And that’s what I despise most of all about this show: beneath its pretensions, it is desperate not to alienate anyone by actually being subversive, provocative or edgy. The thin veneer of girl power with Harley sticking it to male supervillains who look down on her is basically just a cover for the show’s unwillingness to even portray her as a villain. She and her crew commit largely victimless crimes like robbing Wayne Enterprises, and she’s horrified when her ally the Queen of Fables murders a bunch of people in one episode, even though her best friend is Poison Ivy, who wants to wipe out most of humanity, and her ex-boyfriend is the Joker. She spends more time saving Gotham than trying to take it over and the only time she really tries (and pretty much succeeds with very little effort), it’s only because she’s upset that Ivy doesn’t love her back, not because she’s, you know, a supervillain. Its episodes are boilerplate superhero cartoon stories, but with Harley instead of Batman (except when it just is Batman) and a load of cursing so you know it’s for grown-ups. Just about the only joke in the series that couldn’t fit in a show for the whole family with a little tweaking is when supervillain Dr Psycho gets cancelled for calling Wonder Woman a c*nt.
It’s not even visually different, it’s just the same variations on Bruce Timm’s character designs from Batman: The Animated Series that DC Animation has been spinning on repeat since people made fun of The Batman for having a Joker with dreadlocks. Its semi-serial structure is right out of earlier animated DC shows like Young Justice and Beware the Batman. The only original thing in it is Ivy’s talking plant sidekick Frank and he’s just a parody of Audrey II from Little Shop of Horrors (and sucks, also). What’s most painfully ironic about the opening to that Batman-centric episode is that it literally is virtue-signalling. It gives the totally false impression that Harley Quinn is strange or daring or feminist enough to piss off the archetypal misogynistic nerd bro when it’s actually bland, middle-of-the-road and too busy trying to please everyone to take a stand on anything. The closest it comes to something in the same neighbourhood as subversion is giving Bane a silly voice to parody Tom Hardy’s performance in The Dark Knight Rises, which came out eight years ago and was already memed to death within a week of its release. Of course Harley Quinn would dredge up a tired, hacky joke at the expense of a performance that actually was weird and different and polarising. It’s too reverent to the brand to do anything else.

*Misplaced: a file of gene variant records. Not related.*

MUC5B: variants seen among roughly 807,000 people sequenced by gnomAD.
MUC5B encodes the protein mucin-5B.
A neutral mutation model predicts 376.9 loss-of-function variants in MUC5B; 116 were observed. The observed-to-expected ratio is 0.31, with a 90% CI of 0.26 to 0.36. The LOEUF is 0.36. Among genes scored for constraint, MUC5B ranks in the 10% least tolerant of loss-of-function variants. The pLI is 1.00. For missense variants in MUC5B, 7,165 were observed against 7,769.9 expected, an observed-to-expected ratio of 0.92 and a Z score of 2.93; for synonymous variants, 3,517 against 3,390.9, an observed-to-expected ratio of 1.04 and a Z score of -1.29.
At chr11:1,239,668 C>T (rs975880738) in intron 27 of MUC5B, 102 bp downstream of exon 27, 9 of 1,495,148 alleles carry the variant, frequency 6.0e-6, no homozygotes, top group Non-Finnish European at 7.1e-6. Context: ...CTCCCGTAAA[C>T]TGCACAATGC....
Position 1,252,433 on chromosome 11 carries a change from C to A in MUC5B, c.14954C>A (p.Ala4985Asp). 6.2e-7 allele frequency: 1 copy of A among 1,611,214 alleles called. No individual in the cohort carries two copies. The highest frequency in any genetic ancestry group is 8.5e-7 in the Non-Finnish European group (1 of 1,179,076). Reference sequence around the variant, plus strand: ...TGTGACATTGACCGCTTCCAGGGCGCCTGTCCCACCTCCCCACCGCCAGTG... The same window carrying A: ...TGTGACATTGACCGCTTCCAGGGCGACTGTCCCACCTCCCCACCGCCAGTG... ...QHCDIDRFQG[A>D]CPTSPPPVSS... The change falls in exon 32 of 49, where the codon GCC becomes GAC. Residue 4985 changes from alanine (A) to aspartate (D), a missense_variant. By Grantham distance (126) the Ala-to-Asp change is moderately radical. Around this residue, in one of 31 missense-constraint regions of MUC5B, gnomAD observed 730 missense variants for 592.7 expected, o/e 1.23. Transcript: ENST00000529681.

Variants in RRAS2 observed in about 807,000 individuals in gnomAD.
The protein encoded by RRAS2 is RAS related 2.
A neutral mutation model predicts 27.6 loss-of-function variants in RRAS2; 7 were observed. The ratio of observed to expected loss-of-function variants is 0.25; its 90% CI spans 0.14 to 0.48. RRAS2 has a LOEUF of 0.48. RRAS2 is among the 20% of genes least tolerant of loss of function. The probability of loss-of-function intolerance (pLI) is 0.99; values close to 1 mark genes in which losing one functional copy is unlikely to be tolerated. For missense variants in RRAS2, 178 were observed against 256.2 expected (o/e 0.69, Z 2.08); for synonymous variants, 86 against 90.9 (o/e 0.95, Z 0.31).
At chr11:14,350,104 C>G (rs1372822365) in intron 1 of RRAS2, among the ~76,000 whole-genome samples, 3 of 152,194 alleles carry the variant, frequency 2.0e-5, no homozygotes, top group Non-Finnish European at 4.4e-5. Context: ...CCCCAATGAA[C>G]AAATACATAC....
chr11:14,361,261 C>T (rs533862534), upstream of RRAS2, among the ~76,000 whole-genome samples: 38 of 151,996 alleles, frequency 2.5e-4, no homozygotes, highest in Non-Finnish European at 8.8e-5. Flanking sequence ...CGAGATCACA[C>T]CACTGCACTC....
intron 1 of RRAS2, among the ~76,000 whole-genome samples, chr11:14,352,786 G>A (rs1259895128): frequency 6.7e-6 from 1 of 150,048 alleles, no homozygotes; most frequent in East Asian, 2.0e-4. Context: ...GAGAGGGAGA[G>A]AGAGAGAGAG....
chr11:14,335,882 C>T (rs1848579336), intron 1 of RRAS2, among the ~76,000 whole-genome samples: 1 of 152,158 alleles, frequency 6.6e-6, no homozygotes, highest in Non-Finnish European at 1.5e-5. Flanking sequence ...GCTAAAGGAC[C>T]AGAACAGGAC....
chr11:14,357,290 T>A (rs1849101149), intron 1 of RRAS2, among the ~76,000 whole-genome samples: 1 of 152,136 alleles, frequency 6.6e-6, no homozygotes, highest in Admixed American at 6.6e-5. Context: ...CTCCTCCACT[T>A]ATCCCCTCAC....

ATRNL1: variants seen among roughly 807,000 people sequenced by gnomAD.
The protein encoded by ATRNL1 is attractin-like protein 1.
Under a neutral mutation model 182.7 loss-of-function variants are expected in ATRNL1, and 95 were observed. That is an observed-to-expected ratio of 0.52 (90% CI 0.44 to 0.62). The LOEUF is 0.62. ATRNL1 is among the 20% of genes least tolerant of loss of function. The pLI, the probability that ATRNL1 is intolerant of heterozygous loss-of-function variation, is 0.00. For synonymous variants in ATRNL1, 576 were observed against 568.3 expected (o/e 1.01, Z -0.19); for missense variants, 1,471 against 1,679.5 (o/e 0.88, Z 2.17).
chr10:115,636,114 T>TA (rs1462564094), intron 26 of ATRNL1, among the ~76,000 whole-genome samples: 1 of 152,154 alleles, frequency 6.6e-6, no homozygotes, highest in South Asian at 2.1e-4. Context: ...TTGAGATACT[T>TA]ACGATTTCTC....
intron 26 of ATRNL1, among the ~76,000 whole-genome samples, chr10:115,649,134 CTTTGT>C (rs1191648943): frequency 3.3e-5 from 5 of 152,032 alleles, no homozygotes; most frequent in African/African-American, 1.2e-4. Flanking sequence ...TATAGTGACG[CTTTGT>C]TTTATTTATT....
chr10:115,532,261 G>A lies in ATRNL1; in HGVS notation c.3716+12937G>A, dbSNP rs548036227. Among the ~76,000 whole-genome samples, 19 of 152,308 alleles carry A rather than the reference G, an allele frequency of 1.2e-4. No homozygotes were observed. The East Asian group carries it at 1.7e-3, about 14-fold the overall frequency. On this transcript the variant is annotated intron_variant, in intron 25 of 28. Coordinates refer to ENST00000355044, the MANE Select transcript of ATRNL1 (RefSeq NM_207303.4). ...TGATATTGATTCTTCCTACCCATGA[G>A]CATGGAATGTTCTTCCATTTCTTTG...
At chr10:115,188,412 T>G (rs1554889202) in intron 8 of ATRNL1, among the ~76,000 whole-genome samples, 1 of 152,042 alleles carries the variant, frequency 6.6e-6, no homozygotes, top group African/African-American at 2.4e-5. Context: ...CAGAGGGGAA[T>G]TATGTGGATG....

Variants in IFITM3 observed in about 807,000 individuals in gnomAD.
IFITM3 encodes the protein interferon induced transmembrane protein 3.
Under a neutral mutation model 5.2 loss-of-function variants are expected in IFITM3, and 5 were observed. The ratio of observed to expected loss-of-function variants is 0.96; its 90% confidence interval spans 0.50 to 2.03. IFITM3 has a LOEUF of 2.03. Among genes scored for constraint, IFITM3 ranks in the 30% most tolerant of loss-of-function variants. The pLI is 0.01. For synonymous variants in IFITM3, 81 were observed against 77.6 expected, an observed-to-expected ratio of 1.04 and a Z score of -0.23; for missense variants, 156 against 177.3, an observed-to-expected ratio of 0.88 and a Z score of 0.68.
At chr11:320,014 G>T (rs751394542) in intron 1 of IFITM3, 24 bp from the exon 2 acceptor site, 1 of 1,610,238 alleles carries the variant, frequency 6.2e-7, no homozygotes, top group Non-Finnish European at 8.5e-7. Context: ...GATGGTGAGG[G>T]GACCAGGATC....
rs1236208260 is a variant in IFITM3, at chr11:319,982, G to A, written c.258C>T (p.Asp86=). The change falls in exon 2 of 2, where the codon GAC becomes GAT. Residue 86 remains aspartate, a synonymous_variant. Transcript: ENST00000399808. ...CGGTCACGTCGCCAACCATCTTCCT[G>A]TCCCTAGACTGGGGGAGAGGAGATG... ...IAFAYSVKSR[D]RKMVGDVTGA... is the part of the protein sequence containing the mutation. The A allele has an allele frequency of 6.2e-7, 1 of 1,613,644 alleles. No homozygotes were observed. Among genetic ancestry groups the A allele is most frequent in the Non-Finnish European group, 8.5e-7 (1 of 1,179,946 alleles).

M.O.D.O.K, an animated sitcom about the titular supervillain, will presumably be Disney’s attempt to do something similar with their universe. It’s gonna be about M.O.D.O.K., who’s a giant floating head of evil, having a mid-life crisis after his evil business is bought out by a bigger one. He’ll probably say lots of curse words too, because it’s going on Hulu instead of Disney+, which is where Disney puts all the stuff it doesn’t deem family-friendly, at least when it’s not just censoring it. M.O.D.O.K is one of two adult cartoons based on Marvel characters Disney has planned for Hulu, along with Hit-Monkey, which is apparently about a monkey assassin. They intrigue me as much as any superhero show that Disney has planned for its streaming services, i.e. not at all.
Of the eight live-action series they have announced – seven for Disney+, one for Hulu – all take place in the increasingly overcrowded and claustrophobic Marvel Cinematic Universe. Each of them is helpfully titled Marvel’s, even Helstrom, the sole Hulu-bound show on their docket. Marvel’s Helstrom is about two siblings whose dad was a serial killer, but given the characters are typically portrayed as the children of demons, I’m guessing the serial killer will turn out to be possessed by a demon or something. I can’t imagine reading any of this and wanting to watch any of these shows, even the ones with characters I like or concepts that I might find intriguing were Disney not involved.